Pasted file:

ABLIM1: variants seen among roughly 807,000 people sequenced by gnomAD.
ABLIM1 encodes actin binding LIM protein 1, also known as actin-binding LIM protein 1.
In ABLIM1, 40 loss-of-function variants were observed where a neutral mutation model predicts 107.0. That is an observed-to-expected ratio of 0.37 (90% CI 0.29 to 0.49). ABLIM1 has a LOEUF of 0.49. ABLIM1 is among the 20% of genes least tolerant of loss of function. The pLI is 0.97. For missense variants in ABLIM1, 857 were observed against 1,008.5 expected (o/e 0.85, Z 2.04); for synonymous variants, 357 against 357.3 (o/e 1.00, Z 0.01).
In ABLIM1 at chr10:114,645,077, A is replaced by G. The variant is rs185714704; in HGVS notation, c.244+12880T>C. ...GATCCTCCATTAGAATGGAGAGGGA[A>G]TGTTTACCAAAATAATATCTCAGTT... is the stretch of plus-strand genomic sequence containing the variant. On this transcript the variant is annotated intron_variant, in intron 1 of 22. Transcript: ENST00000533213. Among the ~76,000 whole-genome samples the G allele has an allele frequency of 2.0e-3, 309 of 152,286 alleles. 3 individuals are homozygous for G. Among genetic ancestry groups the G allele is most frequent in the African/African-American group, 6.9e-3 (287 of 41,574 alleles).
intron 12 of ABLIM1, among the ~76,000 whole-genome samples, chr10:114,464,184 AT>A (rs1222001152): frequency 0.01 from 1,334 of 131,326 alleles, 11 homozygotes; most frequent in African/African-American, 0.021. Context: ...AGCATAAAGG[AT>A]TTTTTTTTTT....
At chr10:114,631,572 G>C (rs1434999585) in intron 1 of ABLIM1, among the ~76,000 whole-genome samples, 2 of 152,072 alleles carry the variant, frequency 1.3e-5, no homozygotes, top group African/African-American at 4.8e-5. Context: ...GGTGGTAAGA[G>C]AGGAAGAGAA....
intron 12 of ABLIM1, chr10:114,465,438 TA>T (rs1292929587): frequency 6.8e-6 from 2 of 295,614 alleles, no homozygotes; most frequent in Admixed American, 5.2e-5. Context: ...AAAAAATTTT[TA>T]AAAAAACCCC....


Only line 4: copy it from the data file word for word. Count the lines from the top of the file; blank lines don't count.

In ABLIM1 at chr10:114,645,077, A is replaced by G. The variant is rs185714704; in HGVS notation, c.244+12880T>C. ...GATCCTCCATTAGAATGGAGAGGGA[A>G]TGTTTACCAAAATAATATCTCAGTT... is the stretch of plus-strand genomic sequence containing the variant. On this transcript the variant is annotated intron_variant, in intron 1 of 22. Transcript: ENST00000533213. Among the ~76,000 whole-genome samples the G allele has an allele frequency of 2.0e-3, 309 of 152,286 alleles. 3 individuals are homozygous for G. Among genetic ancestry groups the G allele is most frequent in the African/African-American group, 6.9e-3 (287 of 41,574 alleles).